The Redline Rebuild Buick 401 Nailhead heads to the paint shop

Engines don’t need paint, but they sure look better when they have it. After the last Redline Rebuild update, in which the Buick 401 Nailhead visited the machine shop, the parts are ready for a thorough—and we mean thorough—cleaning and a coat of paint. Davin heads over to the paint shop to get it done in our latest episode.

The first thing you might think is the block was cleaned at the machine shop—so it’s good to go, right? Slow your roll.

“I have always been told to never assemble an engine with parts fresh from the machine shop,” Davin says as he holds a hose nozzle to the oil passages. “With the amount of debris I always end up cleaning out of each passage in the block and heads, I can see why.”

Fine particulate is the bane of a finely-assembled engine. Even small grit can get trapped against moving parts and act as a cutter, wearing down critical parts to the point of failure. A thorough cleaning is cheap insurance and gives peace of mind knowing that all your hard work isn’t going to go to waste just after the break-in process (or even during it).

The key, Davin says, is to use Dawn dish soap, which removes oily residue, together with a wide assortment of brushes. These brushes range from a bore brush to clean the cylinders to a long rifle-style variant that can run through the oil passages in the block to break up and flush out all the fine particles the oil would otherwise pick up and carry to the bearings.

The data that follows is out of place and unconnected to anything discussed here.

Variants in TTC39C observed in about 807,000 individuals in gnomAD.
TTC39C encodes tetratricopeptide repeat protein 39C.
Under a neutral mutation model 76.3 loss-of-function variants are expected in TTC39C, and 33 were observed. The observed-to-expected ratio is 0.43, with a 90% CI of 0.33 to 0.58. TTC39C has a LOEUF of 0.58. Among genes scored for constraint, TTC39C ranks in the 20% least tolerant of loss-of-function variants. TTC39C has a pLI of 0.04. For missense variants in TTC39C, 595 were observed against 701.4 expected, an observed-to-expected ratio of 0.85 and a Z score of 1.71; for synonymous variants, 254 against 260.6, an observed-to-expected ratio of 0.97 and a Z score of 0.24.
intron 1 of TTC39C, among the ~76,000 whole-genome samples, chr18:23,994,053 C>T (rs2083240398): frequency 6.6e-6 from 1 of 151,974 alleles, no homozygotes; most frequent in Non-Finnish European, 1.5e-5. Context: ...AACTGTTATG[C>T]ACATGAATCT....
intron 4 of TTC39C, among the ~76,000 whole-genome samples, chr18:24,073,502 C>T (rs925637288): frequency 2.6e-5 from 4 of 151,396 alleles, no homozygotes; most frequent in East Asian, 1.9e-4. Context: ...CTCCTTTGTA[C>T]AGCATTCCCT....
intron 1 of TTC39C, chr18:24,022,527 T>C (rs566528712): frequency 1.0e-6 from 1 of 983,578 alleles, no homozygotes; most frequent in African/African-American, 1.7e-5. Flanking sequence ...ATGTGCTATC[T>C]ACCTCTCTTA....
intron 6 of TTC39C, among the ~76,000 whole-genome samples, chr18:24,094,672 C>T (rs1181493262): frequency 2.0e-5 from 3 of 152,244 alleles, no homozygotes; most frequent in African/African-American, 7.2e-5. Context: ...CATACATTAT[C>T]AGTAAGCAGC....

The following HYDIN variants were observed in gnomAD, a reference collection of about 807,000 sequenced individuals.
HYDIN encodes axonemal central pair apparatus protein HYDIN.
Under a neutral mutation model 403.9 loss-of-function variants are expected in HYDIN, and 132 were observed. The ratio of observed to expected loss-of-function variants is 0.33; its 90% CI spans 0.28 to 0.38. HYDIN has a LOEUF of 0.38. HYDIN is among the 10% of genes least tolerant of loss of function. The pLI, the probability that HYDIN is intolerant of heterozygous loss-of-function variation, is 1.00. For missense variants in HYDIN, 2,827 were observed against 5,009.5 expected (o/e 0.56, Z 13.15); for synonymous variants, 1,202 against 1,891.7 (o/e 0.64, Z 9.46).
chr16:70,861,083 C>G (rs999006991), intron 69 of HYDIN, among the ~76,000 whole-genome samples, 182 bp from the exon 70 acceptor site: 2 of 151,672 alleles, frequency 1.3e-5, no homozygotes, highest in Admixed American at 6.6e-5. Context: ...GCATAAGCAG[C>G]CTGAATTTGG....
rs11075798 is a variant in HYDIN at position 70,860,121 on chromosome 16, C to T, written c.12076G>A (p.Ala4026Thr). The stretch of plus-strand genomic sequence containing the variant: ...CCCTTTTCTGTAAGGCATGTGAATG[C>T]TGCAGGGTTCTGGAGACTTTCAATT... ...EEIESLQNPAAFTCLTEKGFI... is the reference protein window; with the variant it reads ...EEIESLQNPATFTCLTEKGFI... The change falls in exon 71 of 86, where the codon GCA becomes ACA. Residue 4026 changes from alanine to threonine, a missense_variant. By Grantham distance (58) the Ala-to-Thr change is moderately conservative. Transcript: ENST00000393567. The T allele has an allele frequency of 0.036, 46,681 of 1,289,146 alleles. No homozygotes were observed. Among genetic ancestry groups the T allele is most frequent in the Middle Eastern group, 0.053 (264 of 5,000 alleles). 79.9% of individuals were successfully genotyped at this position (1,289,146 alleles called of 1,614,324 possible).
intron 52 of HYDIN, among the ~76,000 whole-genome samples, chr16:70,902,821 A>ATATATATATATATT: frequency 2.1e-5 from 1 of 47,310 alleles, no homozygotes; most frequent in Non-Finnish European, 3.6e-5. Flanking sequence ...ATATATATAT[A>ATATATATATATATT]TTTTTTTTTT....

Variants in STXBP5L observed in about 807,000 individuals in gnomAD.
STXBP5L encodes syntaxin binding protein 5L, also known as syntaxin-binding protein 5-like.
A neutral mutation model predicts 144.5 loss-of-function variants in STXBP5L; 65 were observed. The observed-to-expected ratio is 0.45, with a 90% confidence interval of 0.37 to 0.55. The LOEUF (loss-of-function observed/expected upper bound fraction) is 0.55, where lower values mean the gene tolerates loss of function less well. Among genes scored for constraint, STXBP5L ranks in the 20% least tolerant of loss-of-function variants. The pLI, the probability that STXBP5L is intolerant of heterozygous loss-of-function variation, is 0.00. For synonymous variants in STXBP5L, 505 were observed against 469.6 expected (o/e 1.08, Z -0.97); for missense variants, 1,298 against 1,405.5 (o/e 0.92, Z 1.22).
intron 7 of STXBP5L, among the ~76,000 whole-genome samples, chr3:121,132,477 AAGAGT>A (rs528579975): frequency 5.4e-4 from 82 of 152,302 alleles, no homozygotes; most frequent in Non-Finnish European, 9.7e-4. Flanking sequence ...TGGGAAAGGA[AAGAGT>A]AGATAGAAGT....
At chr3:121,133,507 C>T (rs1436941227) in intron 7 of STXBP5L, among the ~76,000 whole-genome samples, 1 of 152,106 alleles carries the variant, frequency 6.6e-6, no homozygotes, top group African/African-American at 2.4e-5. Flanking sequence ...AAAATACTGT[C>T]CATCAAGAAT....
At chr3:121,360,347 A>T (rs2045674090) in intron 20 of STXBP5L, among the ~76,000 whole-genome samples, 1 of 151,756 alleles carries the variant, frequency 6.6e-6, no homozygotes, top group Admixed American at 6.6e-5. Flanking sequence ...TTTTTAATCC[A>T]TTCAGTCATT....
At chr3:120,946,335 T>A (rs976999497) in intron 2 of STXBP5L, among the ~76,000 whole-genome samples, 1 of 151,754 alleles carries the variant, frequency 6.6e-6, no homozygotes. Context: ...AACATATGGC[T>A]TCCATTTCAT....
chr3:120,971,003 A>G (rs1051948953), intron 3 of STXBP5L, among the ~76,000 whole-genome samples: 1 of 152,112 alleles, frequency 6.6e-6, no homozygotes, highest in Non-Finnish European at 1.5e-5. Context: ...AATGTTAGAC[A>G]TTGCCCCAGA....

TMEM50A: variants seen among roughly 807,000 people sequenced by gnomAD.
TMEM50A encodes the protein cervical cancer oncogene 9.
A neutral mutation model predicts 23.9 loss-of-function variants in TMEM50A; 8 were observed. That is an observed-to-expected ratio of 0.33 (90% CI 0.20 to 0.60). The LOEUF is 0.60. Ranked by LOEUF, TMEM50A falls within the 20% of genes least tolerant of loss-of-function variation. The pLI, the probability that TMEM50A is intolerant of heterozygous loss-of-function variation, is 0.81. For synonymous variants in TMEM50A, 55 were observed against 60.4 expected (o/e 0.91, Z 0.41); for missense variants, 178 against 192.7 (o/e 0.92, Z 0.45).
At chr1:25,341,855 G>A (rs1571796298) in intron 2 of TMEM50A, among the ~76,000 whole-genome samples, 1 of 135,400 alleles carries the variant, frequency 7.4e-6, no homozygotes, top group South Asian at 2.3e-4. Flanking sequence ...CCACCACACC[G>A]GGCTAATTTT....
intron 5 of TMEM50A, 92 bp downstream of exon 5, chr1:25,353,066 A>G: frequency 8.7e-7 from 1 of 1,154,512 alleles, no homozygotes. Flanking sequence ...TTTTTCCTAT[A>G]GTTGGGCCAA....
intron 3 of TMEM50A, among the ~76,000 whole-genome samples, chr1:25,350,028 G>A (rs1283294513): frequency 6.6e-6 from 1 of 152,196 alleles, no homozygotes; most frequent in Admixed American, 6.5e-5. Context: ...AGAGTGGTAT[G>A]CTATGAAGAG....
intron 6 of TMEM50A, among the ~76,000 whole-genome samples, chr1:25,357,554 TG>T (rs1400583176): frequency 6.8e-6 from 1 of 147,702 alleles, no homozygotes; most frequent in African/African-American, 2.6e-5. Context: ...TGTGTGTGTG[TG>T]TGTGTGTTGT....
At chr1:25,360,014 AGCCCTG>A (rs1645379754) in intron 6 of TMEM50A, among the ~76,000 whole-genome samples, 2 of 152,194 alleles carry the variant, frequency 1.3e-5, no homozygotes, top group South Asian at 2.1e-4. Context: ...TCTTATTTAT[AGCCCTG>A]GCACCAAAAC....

After the water runs clear out of each passage, Davin uses compressed air to blow away the water and any remaining grit. Wax and grease remover take care of the residue from handling the parts and creates a surface to which paint can easily adhere. With masking in place, the paint booth closes and the engine is sprayed.

Davin gets to take a quick break while the paint dries, but then it is wide-open throttle on assembly. If you want to see how the color came out and what other tricks Davin is using to warm over this Buick V-8, subscribe to the Hagerty YouTube channel to receive a notification when each new video goes live.